Mattel Future Lab VP Transforms Play

Mattel Future Lab VP Transforms Play


Ron Friedman (’11) applies management skills he learned at UCLA Anderson

August 29, 2023

  • UCLA Anderson alumnus Ron Friedman and his team at Mattel Future Lab are focused on pioneering the future of play
  • Friedman earned his MBA at Anderson to gain skills in the CPG industry and he still applies the same structures and ideas he learned as a graduate student to his executive role with the iconic toymaker
  • He thrived at Anderson because the school was a perfect cultural and academic fit

As vice president of Mattel Future Lab, Ron Friedman (’11) and his team are transforming the future of play by using new and emerging technologies.

With a background in product marketing and product management, Friedman says that throughout his career he’s “taken a lot of inspiration” from the new product development classes he took as an MBA student at UCLA Anderson. As he works day to day on new product development and innovation at Mattel, he continues to “apply those same structures and ideas” he learned from his final capstone project at Anderson.

El Segundo, California-based Mattel is currently riding high on the wave of success of Warner Bros.’ box-office blockbuster, Barbie, based on one of the company’s signature toys (invented, incidentally, by Ruth Handler, the first female graduate of UCLA’s Executive Program). Though Friedman was not involved in the development or production of the film, he is a fan.

“They approached it in a very authentic way, and I loved how Mattel was willing to be in on the joke with a little self-deprecation,” he says. “Greta Gerwig and her team, and Margot Robbie and the rest of the cast did a phenomenal job,” says Friedman, who moved to Los Angeles from Mexico City with his wife in 2009 to attend Anderson. “We’re really proud of that accomplishment. Our CEO Ynon Kreiz (’93), who’s also a UCLA Anderson alumnus, had a vision for this from the very beginning of his leadership, and seeing it finally come true like this is tremendous.”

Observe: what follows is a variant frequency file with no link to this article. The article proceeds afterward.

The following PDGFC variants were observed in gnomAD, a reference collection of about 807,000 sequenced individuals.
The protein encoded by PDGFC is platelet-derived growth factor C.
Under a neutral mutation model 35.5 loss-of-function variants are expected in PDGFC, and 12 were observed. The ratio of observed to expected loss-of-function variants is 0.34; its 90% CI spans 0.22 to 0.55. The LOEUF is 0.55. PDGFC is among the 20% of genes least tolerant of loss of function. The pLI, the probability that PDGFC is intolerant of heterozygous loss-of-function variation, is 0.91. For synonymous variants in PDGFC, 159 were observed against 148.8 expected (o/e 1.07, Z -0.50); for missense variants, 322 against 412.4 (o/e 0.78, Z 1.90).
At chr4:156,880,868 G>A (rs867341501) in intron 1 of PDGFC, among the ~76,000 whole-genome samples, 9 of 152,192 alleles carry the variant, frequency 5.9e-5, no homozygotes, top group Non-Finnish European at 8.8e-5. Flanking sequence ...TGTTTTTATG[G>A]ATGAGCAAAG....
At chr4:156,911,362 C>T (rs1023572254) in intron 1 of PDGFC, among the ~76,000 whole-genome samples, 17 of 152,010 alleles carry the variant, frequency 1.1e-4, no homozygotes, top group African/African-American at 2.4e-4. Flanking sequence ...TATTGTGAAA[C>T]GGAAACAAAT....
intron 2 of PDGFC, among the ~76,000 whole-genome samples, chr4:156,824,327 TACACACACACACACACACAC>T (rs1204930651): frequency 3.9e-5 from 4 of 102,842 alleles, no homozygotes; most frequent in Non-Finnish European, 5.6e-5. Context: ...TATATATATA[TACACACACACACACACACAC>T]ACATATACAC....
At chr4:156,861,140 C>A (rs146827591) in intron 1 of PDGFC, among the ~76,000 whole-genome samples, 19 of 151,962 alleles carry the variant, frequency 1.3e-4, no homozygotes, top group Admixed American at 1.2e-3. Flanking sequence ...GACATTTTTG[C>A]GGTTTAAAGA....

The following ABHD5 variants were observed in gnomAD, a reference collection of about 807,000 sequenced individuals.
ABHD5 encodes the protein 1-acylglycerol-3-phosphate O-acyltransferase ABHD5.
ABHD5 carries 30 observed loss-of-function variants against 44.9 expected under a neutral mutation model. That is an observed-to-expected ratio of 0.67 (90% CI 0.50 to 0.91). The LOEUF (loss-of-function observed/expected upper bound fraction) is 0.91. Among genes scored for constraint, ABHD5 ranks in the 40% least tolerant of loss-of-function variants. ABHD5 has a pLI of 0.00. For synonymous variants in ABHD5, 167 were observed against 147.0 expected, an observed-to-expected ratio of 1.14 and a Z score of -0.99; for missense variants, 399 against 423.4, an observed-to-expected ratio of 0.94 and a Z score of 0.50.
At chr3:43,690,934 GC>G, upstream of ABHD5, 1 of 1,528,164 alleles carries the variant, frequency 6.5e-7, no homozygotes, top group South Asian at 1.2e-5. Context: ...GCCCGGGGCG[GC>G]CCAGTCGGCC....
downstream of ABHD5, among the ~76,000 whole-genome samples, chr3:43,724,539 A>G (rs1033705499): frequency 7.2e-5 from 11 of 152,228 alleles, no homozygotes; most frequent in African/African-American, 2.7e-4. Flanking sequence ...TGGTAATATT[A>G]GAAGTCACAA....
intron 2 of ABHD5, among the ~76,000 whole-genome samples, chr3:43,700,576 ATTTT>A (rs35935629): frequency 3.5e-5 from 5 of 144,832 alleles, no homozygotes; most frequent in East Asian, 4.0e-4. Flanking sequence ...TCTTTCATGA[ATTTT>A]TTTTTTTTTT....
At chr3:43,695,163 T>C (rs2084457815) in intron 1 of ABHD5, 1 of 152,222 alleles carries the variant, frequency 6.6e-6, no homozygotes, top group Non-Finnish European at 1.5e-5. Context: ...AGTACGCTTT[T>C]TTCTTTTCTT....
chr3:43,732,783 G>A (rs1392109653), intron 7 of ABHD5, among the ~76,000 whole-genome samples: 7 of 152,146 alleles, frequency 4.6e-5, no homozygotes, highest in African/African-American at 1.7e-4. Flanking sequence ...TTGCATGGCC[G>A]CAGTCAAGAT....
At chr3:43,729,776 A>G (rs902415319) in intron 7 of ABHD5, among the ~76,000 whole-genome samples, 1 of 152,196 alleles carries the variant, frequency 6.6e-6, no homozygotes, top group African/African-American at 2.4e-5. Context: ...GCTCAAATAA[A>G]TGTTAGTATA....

Friedman and the Mattel Future Lab

Friedman (far right) and the Mattel Future Lab team visited the VR arcade Two Bit Circus

The success of the film has also improved morale at the company. “The entire company is buzzing,” says Friedman, a father of two. “I think everyone’s feeling super proud of the work, and even people that don’t work with the Barbie brand still feel that they’re part of something special. It’s building a lot of momentum and positivity. The company has been on a journey of turnaround for a few years, but we’re now back to growth. Starting to see the full value of our IP come to life in this way is very meaningful and exciting.”

At Mattel Future Lab, Friedman and his team have been plotting the course of the iconic toymaker’s products since June 2022. “We’re still a pretty young organization,” he says. “We’re barely a year old. It’s a team that is focused on pioneering the future of play,” he explains. “It’s specifically focused on disruptive digital engagement models, which range across a variety of areas.”

One space Friedman and company are focusing on is connected products. “These are toys or games that are either enhanced by or brought to life by a digital application,” he says. Products in this category include Pictionary Air, Jurassic World Facts and Hot Wheels ID, which is a web-connected version of the classic toy car equipped with an NFC chip.

More than a decade after receiving his MBA from Anderson, Friedman still points to the lessons from specific classes that come into play in his role as VP of Mattel Future Lab.

One course he recalls vividly was Brand Purpose taught at that time by Professor Jim Stengel, the former CMO for Procter & Gamble. “The idea of building purposeful brands was not something that many people were talking about back then,” he says. “Obviously, today everything is about brand purpose and it’s very common knowledge, but back then it was a new way of looking at marketing. Professor Stengel did a phenomenal job of introducing us to those concepts.”

There were also marketing strategy courses helmed by Professor Andres Terech, particularly the course that Friedman says was “the most impactful” of his tenure at Anderson.

“At the end of the MBA, I chose the Business Creation Option capstone,” he says. “The business my team and I wanted to launch ended up not going to market. But we were able to apply everything we had learned during the first two-and-a-half years of the MBA. That just put it all together in a very practical way.”